There was a time when SEGA positioned its Sonic the Hedgehog games as worthy rivals to Nintendo’s Mario platformers, but that brief period ended right around the point when the Genesis stopped being relevant. In other words, it’s widely accepted that the first few Sonic games are classics, while the majority of subsequent titles released over the last two decades are hot garbage. Much of this can be attributed to Nintendo having much more success transitioning the Mario franchise from 2D to 3D, whereas SEGA continues to struggle with how to make three-dimensional Sonic games to this day. The real problem with Sonic games though is their lack of consistency, as the series seems to alternate between polished experiences and glitchy messes on a whim, sometimes even within the same year.

Fortunately for fans of the blue speedster, things have been looking up as of late as the most recent installment in the long-running series, Sonic Mania, is being haled by critics as a return to form for the speedy hedgehog. While we’d heartily recommend it to anyone who enjoys the classic Genesis games from which it draws its inspiration, there are many other Sonic games besides Sonic Mania worth checking out. Here are our 10 favorites.

10. Sonic Adventure 2

The last Sonic game to be released on a SEGA console, Sonic Adventure 2 arrived at a time when the Dreamcast was on the way out and as such, the title represents something of a swan song for the short-lived console. Developed primarily by Sonic Team USA, Sonic Adventure 2’s level design was heavily inspired by the studio’s San Francisco location, with the game’s breakneck opening level clearly modeled after the city by the bay. The game as a whole is much more stunt-heavy and overblown in its design than its predecessor, featuring levels with all sorts of grind rail sections and other environmental features designed to keep Sonic moving at a steady clip.

Unfortunately, it’s also a much more uneven experience than the original Sonic Adventure because while the Sonic/Shadow levels are almost uniformly fantastic, the game’s pace is dragged down by Knuckles/Rouge the Bat’s tedious chaos emerald scavenger hunts and some decent, if not truly memorable shooting levels with Tails/Dr. Robotnik. Sonic Adventure 2 would later be ported over to the Nintendo GameCube with some added features, including an enjoyable versus mode, making it arguably the definitive version of the game.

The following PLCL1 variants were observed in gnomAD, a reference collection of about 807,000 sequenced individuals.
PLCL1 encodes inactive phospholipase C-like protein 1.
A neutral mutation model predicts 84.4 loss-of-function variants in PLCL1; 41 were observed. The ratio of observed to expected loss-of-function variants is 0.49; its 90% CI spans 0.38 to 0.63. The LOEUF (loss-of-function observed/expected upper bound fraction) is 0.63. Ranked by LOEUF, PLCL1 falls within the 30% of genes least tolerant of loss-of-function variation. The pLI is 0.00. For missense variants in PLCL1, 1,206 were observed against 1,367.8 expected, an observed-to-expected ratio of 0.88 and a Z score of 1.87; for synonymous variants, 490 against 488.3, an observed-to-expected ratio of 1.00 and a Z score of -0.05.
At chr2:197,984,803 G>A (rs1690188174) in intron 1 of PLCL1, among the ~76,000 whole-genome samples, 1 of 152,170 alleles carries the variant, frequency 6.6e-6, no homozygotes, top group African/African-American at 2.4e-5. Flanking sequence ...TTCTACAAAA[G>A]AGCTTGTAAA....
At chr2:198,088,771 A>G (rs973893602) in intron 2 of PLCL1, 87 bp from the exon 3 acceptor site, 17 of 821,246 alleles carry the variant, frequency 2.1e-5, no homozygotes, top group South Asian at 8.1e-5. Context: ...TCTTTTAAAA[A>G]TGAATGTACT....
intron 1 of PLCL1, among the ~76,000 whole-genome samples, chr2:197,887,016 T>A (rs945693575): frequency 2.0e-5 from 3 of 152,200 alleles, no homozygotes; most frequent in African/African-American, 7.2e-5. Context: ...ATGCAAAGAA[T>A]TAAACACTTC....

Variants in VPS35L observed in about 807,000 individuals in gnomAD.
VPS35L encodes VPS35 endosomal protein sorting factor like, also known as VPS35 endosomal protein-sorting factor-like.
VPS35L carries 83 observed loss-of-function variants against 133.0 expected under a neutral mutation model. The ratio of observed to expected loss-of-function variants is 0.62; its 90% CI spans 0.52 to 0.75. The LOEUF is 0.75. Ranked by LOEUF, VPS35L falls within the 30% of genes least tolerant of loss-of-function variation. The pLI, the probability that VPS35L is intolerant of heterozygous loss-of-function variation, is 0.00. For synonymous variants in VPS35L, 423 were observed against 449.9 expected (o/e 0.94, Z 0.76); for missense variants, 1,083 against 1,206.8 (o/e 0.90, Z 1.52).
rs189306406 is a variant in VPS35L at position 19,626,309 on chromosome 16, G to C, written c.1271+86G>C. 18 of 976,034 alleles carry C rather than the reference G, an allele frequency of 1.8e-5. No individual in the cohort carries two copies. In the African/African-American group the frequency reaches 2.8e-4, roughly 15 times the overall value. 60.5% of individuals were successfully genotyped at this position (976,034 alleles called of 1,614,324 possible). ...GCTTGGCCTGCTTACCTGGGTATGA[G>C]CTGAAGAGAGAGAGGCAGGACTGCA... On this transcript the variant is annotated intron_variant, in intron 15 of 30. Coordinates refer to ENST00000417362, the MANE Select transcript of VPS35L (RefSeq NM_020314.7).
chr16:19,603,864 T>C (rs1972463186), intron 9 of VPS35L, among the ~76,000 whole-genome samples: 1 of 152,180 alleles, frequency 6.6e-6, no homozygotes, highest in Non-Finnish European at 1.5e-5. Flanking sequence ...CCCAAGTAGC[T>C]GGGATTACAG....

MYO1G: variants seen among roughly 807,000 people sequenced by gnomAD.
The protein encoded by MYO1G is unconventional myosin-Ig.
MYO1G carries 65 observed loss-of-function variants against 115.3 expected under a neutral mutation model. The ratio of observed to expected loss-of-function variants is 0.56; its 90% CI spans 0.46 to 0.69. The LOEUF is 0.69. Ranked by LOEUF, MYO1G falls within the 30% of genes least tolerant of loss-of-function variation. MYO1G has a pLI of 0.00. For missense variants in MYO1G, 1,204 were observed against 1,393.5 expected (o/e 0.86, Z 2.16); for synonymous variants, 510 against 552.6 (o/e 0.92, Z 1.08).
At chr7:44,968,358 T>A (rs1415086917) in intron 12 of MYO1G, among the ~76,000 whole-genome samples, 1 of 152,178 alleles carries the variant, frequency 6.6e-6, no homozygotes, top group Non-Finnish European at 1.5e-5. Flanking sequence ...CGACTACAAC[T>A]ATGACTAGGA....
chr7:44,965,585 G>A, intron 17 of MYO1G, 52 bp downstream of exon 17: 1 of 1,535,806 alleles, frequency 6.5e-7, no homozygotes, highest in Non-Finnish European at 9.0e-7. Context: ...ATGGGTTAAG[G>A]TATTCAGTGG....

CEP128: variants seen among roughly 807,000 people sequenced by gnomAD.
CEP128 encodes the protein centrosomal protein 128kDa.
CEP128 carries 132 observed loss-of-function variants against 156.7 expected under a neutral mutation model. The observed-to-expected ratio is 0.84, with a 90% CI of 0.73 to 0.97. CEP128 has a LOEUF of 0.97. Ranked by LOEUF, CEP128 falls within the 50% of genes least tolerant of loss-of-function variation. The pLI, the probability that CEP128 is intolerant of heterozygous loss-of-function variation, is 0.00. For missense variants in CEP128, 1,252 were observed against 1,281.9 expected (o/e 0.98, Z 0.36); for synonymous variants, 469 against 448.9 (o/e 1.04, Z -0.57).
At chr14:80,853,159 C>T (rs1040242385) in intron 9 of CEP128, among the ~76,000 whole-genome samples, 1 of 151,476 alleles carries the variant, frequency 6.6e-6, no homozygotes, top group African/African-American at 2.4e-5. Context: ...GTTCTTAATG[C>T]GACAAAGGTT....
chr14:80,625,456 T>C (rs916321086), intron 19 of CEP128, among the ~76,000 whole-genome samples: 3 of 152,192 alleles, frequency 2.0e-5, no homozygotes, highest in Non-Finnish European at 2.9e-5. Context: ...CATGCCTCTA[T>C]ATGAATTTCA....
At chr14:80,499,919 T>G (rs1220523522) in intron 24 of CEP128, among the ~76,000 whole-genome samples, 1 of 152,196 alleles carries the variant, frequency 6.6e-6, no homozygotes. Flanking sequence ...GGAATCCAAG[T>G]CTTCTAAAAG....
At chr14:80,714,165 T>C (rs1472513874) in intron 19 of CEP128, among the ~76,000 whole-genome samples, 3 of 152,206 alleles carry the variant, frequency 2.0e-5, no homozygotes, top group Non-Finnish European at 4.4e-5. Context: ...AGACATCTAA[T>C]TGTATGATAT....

SEGA

9. Sonic & All-Stars Racing Transformed

Sonic’s foray into the kart racing genre came much later than Mario’s and though Sonic’s time behind the wheel has yet to prove as fruitful as Nintendo’s portly plumber’s, the Sonic & All-Stars Racing games are much better than they have any right to be. In particular, the second game in the series — Sonic & All-Stars Racing Transformed — is a competent racer that honestly does a better job of terrain transition than recent Mario Karts, as the game’s transforming vehicles keep races fun and interesting.

Best of all, the game also plays double duty as a piece of pure SEGA fan service, with courses and characters drawn from many different properties (NIGHTS!) both popular and obscure. Mario Kart 8 Deluxe may still be the definitive kart racer, but All Stars Racing Transformed proves that Sonic has some skill of his own behind the wheel … even if it still makes no sense why a character whose whole shtick is running really fast would need to rely on a car to race with.

Source: GoNintendo

8. Sonic Advance

The early 2000s were an interesting time for SEGA, as the company was now out of the console business and had transitioned to producing software for its former rivals’ platforms. Seeing Sonic on a Nintendo platform may seem normal nowadays but at the time, it was a strange sight to behold and not necessarily something hardcore SEGA fans were happy about. It helped then that most of the Sonic games released in the years following Sonic Adventure 2 on the Dreamcast weren’t very good … at least when it came to console releases. It was a different story altogether on the handheld side, as Sonic Advance for the Game Boy Advance was not only a great 2D platformer, it was arguably the best 2D Sonic game fans had seen since the Genesis era.